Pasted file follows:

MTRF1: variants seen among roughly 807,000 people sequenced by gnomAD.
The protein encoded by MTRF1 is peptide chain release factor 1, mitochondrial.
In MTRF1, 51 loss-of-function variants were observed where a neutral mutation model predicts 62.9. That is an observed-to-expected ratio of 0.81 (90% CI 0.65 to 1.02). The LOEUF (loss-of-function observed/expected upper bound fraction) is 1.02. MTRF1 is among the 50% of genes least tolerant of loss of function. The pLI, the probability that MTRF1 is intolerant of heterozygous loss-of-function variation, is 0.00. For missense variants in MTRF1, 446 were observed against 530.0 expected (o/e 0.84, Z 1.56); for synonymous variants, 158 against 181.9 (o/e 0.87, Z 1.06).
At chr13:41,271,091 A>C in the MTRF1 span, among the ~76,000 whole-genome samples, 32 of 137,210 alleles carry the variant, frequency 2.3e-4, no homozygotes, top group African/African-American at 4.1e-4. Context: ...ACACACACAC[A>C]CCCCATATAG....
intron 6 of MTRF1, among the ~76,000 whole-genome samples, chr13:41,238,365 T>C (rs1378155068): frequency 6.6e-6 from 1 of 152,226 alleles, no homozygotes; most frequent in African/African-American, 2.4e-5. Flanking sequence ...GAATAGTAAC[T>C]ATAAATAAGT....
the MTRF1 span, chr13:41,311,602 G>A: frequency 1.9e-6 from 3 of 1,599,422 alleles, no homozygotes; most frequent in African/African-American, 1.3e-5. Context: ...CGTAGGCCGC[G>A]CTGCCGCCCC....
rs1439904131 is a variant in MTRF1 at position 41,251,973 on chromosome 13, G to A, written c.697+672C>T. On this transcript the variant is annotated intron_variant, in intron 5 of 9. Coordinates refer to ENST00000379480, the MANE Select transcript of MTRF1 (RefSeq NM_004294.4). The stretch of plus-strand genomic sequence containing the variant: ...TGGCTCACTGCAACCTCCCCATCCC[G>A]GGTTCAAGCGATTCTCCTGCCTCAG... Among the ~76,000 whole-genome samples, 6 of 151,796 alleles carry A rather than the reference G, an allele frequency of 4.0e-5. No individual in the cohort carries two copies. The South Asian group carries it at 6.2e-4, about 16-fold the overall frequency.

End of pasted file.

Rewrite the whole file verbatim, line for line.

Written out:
MTRF1: variants seen among roughly 807,000 people sequenced by gnomAD.
The protein encoded by MTRF1 is peptide chain release factor 1, mitochondrial.
In MTRF1, 51 loss-of-function variants were observed where a neutral mutation model predicts 62.9. That is an observed-to-expected ratio of 0.81 (90% CI 0.65 to 1.02). The LOEUF (loss-of-function observed/expected upper bound fraction) is 1.02. MTRF1 is among the 50% of genes least tolerant of loss of function. The pLI, the probability that MTRF1 is intolerant of heterozygous loss-of-function variation, is 0.00. For missense variants in MTRF1, 446 were observed against 530.0 expected (o/e 0.84, Z 1.56); for synonymous variants, 158 against 181.9 (o/e 0.87, Z 1.06).
At chr13:41,271,091 A>C in the MTRF1 span, among the ~76,000 whole-genome samples, 32 of 137,210 alleles carry the variant, frequency 2.3e-4, no homozygotes, top group African/African-American at 4.1e-4. Context: ...ACACACACAC[A>C]CCCCATATAG....
intron 6 of MTRF1, among the ~76,000 whole-genome samples, chr13:41,238,365 T>C (rs1378155068): frequency 6.6e-6 from 1 of 152,226 alleles, no homozygotes; most frequent in African/African-American, 2.4e-5. Flanking sequence ...GAATAGTAAC[T>C]ATAAATAAGT....
the MTRF1 span, chr13:41,311,602 G>A: frequency 1.9e-6 from 3 of 1,599,422 alleles, no homozygotes; most frequent in African/African-American, 1.3e-5. Context: ...CGTAGGCCGC[G>A]CTGCCGCCCC....
rs1439904131 is a variant in MTRF1 at position 41,251,973 on chromosome 13, G to A, written c.697+672C>T. On this transcript the variant is annotated intron_variant, in intron 5 of 9. Coordinates refer to ENST00000379480, the MANE Select transcript of MTRF1 (RefSeq NM_004294.4). The stretch of plus-strand genomic sequence containing the variant: ...TGGCTCACTGCAACCTCCCCATCCC[G>A]GGTTCAAGCGATTCTCCTGCCTCAG... Among the ~76,000 whole-genome samples, 6 of 151,796 alleles carry A rather than the reference G, an allele frequency of 4.0e-5. No individual in the cohort carries two copies. The South Asian group carries it at 6.2e-4, about 16-fold the overall frequency.